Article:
"So what do you want to be when you grow up? A doctor or engineer?"
Growing up in Sudan, I grew up around the notion that becoming an engineer or doctor are the "safer" and more "prestigious" fields. In my view, although they are in some ways, there are still a range of other safe and lucrative career pathways which people can pursue.
I myself was in a dilemma growing up about what it is I wanted to do at university and beyond. My late grandmother Dr Zarwi Sarkisian alongside Dr Khalda Zahir were the first female doctors in Sudan who both graduated from the University of Khartoum in 1952. Hence, there was a lot of pressure from my extended family in the form of assumptions that I was going to become a doctor like my late grandmother.
I genuinely thought I wanted to become a doctor, specifically a cardiologist, until I started studying biology and realised I actually didn't enjoy it. So I dropped IGCSE biology in year 9 and decided I wanted to become an engineer instead. In Sudan electrical engineering is one of the hardest faculties to be admitted into and I had the grades to get into it, so I got accepted. But, before the course had started, I had obtained acceptance and the visa to pursue a foundation programme at the University of Sussex. At some point, when it all started feeling quite real, I realised I had elected to apply for electrical engineering just because my grades would get me into it and that I actually hated electricity because I got electrocuted when I was in year 6 which was a traumatising event. As a result, I changed my application and applied to Economics, which was a subject my mum had taught me at home which I really enjoyed and wanted to pursue as a career.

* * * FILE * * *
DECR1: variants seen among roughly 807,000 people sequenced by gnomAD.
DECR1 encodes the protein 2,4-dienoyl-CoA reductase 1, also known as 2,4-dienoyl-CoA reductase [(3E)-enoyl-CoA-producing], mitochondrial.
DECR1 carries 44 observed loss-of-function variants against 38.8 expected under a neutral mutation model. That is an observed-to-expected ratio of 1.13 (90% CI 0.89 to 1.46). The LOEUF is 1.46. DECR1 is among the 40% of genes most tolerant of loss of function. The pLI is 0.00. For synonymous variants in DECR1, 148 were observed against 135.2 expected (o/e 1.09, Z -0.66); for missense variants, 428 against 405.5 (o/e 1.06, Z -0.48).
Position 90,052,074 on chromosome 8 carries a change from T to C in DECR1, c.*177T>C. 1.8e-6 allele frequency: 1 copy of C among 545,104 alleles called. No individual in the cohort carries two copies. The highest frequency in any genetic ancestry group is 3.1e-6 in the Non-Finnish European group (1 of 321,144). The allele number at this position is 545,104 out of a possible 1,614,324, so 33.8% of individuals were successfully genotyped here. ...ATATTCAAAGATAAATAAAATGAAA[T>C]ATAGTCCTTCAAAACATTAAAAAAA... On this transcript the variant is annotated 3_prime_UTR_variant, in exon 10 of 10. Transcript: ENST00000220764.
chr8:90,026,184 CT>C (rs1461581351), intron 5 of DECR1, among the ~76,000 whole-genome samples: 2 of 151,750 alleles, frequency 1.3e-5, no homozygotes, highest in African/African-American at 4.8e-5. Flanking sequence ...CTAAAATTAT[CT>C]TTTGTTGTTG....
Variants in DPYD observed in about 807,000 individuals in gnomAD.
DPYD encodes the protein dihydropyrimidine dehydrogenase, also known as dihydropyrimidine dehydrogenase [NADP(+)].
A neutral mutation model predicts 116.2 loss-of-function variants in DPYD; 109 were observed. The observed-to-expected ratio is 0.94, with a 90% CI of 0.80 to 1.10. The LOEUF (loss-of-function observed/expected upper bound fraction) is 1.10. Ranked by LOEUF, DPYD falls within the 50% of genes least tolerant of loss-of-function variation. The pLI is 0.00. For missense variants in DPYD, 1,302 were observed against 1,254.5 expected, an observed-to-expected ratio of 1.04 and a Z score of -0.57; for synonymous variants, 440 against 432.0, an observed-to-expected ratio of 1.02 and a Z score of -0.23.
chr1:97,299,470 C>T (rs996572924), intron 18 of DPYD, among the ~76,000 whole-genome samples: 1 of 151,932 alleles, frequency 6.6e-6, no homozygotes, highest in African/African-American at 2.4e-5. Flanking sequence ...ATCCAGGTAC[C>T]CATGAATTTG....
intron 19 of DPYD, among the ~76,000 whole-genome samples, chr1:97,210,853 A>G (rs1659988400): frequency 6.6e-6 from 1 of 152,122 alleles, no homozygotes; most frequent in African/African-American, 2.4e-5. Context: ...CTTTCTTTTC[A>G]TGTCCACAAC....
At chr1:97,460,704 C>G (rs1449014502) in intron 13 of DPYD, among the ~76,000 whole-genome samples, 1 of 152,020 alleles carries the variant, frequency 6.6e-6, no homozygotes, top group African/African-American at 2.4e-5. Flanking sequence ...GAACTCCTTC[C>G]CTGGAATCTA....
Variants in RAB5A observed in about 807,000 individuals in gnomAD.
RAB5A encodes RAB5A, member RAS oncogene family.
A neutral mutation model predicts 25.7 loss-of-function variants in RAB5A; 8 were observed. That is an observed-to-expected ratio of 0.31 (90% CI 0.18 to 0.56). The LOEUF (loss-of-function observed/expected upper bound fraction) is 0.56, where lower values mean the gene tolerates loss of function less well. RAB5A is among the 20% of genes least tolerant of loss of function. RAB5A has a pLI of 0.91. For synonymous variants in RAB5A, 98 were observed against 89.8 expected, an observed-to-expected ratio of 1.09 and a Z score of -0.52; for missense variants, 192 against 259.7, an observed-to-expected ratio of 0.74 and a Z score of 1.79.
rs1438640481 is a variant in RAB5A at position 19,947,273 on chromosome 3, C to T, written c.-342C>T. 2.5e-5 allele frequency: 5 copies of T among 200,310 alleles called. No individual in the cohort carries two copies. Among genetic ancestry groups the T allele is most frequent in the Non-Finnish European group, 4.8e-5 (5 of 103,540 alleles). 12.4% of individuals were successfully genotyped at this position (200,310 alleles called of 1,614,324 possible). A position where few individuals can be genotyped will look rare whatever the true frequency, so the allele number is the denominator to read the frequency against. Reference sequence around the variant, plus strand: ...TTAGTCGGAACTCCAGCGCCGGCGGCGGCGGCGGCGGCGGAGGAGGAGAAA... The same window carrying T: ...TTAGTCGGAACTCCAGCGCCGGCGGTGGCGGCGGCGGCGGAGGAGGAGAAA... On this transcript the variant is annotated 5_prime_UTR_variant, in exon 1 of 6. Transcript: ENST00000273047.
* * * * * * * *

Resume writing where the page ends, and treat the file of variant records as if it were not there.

I feel deep down though that due to societal norms I was made to feel like I had taken the "easy route". Also, whenever anyone would ask what I studied I'd say economics and they'd respond with "so, business?" as if they were synonymous. In addition, I’ve had so many conversations with many of my friends who admit that they chose medicine solely because that's what their parents wanted them to do.
So I've launched this Career Spotlight series to shine a light on a range of other degree options and career pathways beyond the less traditional ones to inform, inspire and empower others to explore their own interests and talents. I'm constantly inspired by many people around me who have taken the leap and pursued their passion and less traditional careers which are in many instances different to what they studied at university, so I'm hoping I can share their own accounts and stories.
Ultimately, I think regardless of whether someone decides to become an artist, lawyer, journalist, sportsperson, musician, politician or whatever they're most passionate about, it's what you do within your career that matters. And in order to excel in your career, you have to have a real drive and passion to pursue it.